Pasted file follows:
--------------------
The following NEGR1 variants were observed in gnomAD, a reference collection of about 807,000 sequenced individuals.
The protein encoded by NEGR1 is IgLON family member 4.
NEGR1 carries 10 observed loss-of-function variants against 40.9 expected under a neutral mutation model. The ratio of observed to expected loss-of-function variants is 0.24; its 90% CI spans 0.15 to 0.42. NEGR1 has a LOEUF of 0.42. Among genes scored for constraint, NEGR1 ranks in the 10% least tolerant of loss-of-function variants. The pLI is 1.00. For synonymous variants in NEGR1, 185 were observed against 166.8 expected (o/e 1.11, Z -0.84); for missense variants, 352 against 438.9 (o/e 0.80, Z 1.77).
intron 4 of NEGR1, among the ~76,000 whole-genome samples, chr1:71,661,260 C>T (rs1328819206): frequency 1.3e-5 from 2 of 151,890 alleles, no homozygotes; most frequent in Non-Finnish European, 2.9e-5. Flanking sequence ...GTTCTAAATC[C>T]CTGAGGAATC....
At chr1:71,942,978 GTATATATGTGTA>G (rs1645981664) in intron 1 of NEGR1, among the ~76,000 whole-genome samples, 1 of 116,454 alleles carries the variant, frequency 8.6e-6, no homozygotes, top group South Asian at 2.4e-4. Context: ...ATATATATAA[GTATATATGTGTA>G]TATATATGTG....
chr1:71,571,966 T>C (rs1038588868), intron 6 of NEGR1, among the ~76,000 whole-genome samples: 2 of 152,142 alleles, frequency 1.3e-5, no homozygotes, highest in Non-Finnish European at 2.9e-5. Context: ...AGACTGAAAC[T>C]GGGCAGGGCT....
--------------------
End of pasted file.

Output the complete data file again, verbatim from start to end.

The following NEGR1 variants were observed in gnomAD, a reference collection of about 807,000 sequenced individuals.
The protein encoded by NEGR1 is IgLON family member 4.
NEGR1 carries 10 observed loss-of-function variants against 40.9 expected under a neutral mutation model. The ratio of observed to expected loss-of-function variants is 0.24; its 90% CI spans 0.15 to 0.42. NEGR1 has a LOEUF of 0.42. Among genes scored for constraint, NEGR1 ranks in the 10% least tolerant of loss-of-function variants. The pLI is 1.00. For synonymous variants in NEGR1, 185 were observed against 166.8 expected (o/e 1.11, Z -0.84); for missense variants, 352 against 438.9 (o/e 0.80, Z 1.77).
intron 4 of NEGR1, among the ~76,000 whole-genome samples, chr1:71,661,260 C>T (rs1328819206): frequency 1.3e-5 from 2 of 151,890 alleles, no homozygotes; most frequent in Non-Finnish European, 2.9e-5. Flanking sequence ...GTTCTAAATC[C>T]CTGAGGAATC....
At chr1:71,942,978 GTATATATGTGTA>G (rs1645981664) in intron 1 of NEGR1, among the ~76,000 whole-genome samples, 1 of 116,454 alleles carries the variant, frequency 8.6e-6, no homozygotes, top group South Asian at 2.4e-4. Context: ...ATATATATAA[GTATATATGTGTA>G]TATATATGTG....
chr1:71,571,966 T>C (rs1038588868), intron 6 of NEGR1, among the ~76,000 whole-genome samples: 2 of 152,142 alleles, frequency 1.3e-5, no homozygotes, highest in Non-Finnish European at 2.9e-5. Context: ...AGACTGAAAC[T>C]GGGCAGGGCT....